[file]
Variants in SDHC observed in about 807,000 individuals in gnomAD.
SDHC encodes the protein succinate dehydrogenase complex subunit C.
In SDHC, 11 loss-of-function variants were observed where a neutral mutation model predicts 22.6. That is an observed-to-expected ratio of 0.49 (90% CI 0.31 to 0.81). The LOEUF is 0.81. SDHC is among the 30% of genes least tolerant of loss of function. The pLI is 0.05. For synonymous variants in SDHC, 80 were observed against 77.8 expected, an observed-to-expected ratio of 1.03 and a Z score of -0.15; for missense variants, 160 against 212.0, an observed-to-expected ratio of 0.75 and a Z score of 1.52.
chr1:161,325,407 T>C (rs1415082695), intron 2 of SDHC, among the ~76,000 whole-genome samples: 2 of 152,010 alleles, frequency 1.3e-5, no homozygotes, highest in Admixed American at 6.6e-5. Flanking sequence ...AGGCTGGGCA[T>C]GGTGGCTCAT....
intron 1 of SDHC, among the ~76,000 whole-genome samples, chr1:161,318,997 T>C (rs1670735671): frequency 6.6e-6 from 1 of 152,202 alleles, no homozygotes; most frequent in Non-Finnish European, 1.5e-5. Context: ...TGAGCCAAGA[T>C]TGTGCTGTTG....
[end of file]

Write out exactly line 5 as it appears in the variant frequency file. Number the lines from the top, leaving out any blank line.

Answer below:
intron 1 of SDHC, among the ~76,000 whole-genome samples, chr1:161,318,997 T>C (rs1670735671): frequency 6.6e-6 from 1 of 152,202 alleles, no homozygotes; most frequent in Non-Finnish European, 1.5e-5. Context: ...TGAGCCAAGA[T>C]TGTGCTGTTG....